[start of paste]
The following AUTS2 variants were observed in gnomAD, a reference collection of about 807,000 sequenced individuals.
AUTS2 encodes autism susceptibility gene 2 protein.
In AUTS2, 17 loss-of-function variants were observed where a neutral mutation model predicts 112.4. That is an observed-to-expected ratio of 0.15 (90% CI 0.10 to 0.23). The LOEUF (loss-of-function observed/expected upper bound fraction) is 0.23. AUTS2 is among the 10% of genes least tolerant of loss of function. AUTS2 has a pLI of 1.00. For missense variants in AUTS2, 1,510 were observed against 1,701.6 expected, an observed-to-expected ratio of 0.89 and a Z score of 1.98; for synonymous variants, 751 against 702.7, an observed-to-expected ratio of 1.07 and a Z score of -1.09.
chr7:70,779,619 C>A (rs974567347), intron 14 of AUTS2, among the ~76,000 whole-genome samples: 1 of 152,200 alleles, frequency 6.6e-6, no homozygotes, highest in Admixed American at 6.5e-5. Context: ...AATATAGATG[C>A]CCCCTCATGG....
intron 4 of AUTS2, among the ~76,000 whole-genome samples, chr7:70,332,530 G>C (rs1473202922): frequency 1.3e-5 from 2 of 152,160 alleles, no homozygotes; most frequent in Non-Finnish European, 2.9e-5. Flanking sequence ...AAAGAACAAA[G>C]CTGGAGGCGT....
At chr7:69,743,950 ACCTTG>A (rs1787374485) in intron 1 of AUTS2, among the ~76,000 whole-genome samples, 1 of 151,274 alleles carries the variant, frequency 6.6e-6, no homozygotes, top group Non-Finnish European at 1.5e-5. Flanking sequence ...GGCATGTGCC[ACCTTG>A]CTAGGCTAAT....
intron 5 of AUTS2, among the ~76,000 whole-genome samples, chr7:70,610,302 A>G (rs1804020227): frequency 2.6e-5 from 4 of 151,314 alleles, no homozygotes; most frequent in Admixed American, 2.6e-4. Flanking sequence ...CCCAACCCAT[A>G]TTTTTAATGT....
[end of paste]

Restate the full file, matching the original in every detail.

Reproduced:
The following AUTS2 variants were observed in gnomAD, a reference collection of about 807,000 sequenced individuals.
AUTS2 encodes autism susceptibility gene 2 protein.
In AUTS2, 17 loss-of-function variants were observed where a neutral mutation model predicts 112.4. That is an observed-to-expected ratio of 0.15 (90% CI 0.10 to 0.23). The LOEUF (loss-of-function observed/expected upper bound fraction) is 0.23. AUTS2 is among the 10% of genes least tolerant of loss of function. AUTS2 has a pLI of 1.00. For missense variants in AUTS2, 1,510 were observed against 1,701.6 expected, an observed-to-expected ratio of 0.89 and a Z score of 1.98; for synonymous variants, 751 against 702.7, an observed-to-expected ratio of 1.07 and a Z score of -1.09.
chr7:70,779,619 C>A (rs974567347), intron 14 of AUTS2, among the ~76,000 whole-genome samples: 1 of 152,200 alleles, frequency 6.6e-6, no homozygotes, highest in Admixed American at 6.5e-5. Context: ...AATATAGATG[C>A]CCCCTCATGG....
intron 4 of AUTS2, among the ~76,000 whole-genome samples, chr7:70,332,530 G>C (rs1473202922): frequency 1.3e-5 from 2 of 152,160 alleles, no homozygotes; most frequent in Non-Finnish European, 2.9e-5. Flanking sequence ...AAAGAACAAA[G>C]CTGGAGGCGT....
At chr7:69,743,950 ACCTTG>A (rs1787374485) in intron 1 of AUTS2, among the ~76,000 whole-genome samples, 1 of 151,274 alleles carries the variant, frequency 6.6e-6, no homozygotes, top group Non-Finnish European at 1.5e-5. Flanking sequence ...GGCATGTGCC[ACCTTG>A]CTAGGCTAAT....
intron 5 of AUTS2, among the ~76,000 whole-genome samples, chr7:70,610,302 A>G (rs1804020227): frequency 2.6e-5 from 4 of 151,314 alleles, no homozygotes; most frequent in Admixed American, 2.6e-4. Flanking sequence ...CCCAACCCAT[A>G]TTTTTAATGT....